With 2023 NFL training camps set to kick off the week of July 24, it's time to get up to speed on all 32 NFL teams. Eric Edholm has the lowdown on position battles, key players and notable subplots across the AFC North:
Catch up on the Baltimore Ravens' offseason and 2023 outlook below ...
Training Camp Dates/Information
- Players report: July 18 (rookies); July 25 (veterans)
- Location: Under Armour Performance Center | Owings Mills, Maryland (fan information)
Notable Roster Changes
2023 Schedule Notes
- Twelfth easiest strength of schedule in 2023 based on their opponents' 2022 win percentage (.484).
- Only team in the NFL to have both a three-game homestand and three-game road trip in 2023.
-- NFL Research
Subplots To Track
The options are pretty plentiful. There's the newly signed Odell Beckham, 2021 first-rounder Rashod Bateman, plus the team's Round 1 selection this year, Zay Flowers. Also, the team added Nelson Agholor in March and returns Devin Duvernay and James Proche.
OBJ is the clear No. 1 if healthy. Can he regain his star power as he approaches age 31, more than 500 days removed from his last game? Bateman is only 23 years old. He and Jackson made some fireworks early before the receiver's season was marred by drops and a foot injury. Flowers is the other possible standout, but will he contribute heavily in Year 1?
Baltimore wideouts combined for just seven TD receptions last season. That number probably needs to at least double in 2023. For now, TE Mark Andrews remains Jackson's top option in the passing game.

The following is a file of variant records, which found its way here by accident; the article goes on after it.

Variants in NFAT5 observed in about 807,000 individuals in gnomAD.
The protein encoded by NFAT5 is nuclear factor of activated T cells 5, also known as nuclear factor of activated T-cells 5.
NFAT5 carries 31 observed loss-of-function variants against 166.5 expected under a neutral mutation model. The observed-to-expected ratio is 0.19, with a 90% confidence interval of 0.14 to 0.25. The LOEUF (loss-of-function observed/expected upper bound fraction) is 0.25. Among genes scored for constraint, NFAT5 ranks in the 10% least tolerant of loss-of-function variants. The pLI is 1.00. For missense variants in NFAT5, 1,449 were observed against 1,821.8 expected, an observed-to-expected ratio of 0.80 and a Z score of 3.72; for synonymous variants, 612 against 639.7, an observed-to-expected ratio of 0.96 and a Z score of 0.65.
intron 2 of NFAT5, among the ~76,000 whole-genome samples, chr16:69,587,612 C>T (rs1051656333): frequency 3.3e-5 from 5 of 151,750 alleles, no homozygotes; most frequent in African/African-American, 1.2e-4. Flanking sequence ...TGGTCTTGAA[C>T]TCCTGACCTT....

2) Receiver isn't the only big question on offense. The team parted ways with coordinator Greg Roman in January and replaced him with Georgia's Todd Monken, signaling a shift in the team's offensive design. Monken has been an NFL OC before, most recently in 2019 (with the Browns).
The Ravens' passing attack wasn't dynamic enough the past few seasons, appearing to rely too often on Jackson creating magic from thin air. While Baltimore isn't expected to abandon its two- and three-TE sets completely under Monken, there should be more of an emphasis on getting their perimeter playmakers involved going forward.
At Georgia, Monken leaned heavily on tempo, pre-snap movement and bunch sets to create defensive confusion. Those are all expected to translate to the Baltimore offense now.
3) There are potential areas of concern on the Ravens' defense at cornerback and pass rusher. Both spots were underwhelming a year ago, and the team made minimal additions to each this offseason.
Still, there's reasonable hope for internal improvement. Up front, the Ravens lose a combined 15 sacks from last season with the departures of Justin Houston and Calais Campbell, though it's worth noting Houston, who's still a free agent, has signed one-year deals with Baltimore the past two Julys. Tyus Bowser missed the first half of last season recovering from an Achilles injury and has dealt with a knee issue this offseason, but should be ready for training camp. Otherwise, the big goal is to unlock the potential of Odafe Oweh, who took a step back last season, and 2022 second-rounder David Ojabo, who played in just two games last season as he worked his way back from an Achilles injury.
The CB situation might be an even bigger question. There's the reliable Marlon Humphrey and a lot of unknowns thereafter. Rock Ya-Sin likely figures into the mix somewhere, either outside or at nickel; both jobs remain unsettled. Other candidates for those spots include Brandon Stephens, Jalyn Armour-Davis and Kyu Blu Kelly. Old friend Marcus Peters remains unsigned and could come back. For now, the Ravens are leaning on their in-house candidates.